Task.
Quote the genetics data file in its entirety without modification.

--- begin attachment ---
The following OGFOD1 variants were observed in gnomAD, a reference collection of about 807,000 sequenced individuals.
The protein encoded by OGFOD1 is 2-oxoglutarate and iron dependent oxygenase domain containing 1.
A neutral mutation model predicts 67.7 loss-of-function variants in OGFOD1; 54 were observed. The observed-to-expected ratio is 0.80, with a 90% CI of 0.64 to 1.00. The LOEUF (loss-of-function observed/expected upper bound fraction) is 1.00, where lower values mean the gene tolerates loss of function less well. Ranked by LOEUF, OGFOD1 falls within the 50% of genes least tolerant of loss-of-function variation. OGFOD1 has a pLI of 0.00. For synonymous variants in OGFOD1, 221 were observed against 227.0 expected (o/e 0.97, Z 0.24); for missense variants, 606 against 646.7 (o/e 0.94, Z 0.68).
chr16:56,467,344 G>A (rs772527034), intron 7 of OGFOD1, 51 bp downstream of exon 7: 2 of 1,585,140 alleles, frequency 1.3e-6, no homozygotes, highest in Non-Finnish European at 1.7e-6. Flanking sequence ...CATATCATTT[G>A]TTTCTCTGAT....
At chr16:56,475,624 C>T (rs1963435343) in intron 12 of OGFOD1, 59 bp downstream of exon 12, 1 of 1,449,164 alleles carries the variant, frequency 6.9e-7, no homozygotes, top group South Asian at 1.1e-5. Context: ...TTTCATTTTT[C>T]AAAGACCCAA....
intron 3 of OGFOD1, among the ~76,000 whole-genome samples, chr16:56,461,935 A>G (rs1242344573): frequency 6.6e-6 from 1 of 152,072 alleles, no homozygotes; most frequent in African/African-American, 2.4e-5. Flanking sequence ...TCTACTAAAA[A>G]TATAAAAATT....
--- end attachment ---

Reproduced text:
The following OGFOD1 variants were observed in gnomAD, a reference collection of about 807,000 sequenced individuals.
The protein encoded by OGFOD1 is 2-oxoglutarate and iron dependent oxygenase domain containing 1.
A neutral mutation model predicts 67.7 loss-of-function variants in OGFOD1; 54 were observed. The observed-to-expected ratio is 0.80, with a 90% CI of 0.64 to 1.00. The LOEUF (loss-of-function observed/expected upper bound fraction) is 1.00, where lower values mean the gene tolerates loss of function less well. Ranked by LOEUF, OGFOD1 falls within the 50% of genes least tolerant of loss-of-function variation. OGFOD1 has a pLI of 0.00. For synonymous variants in OGFOD1, 221 were observed against 227.0 expected (o/e 0.97, Z 0.24); for missense variants, 606 against 646.7 (o/e 0.94, Z 0.68).
chr16:56,467,344 G>A (rs772527034), intron 7 of OGFOD1, 51 bp downstream of exon 7: 2 of 1,585,140 alleles, frequency 1.3e-6, no homozygotes, highest in Non-Finnish European at 1.7e-6. Flanking sequence ...CATATCATTT[G>A]TTTCTCTGAT....
At chr16:56,475,624 C>T (rs1963435343) in intron 12 of OGFOD1, 59 bp downstream of exon 12, 1 of 1,449,164 alleles carries the variant, frequency 6.9e-7, no homozygotes, top group South Asian at 1.1e-5. Context: ...TTTCATTTTT[C>T]AAAGACCCAA....
intron 3 of OGFOD1, among the ~76,000 whole-genome samples, chr16:56,461,935 A>G (rs1242344573): frequency 6.6e-6 from 1 of 152,072 alleles, no homozygotes; most frequent in African/African-American, 2.4e-5. Flanking sequence ...TCTACTAAAA[A>G]TATAAAAATT....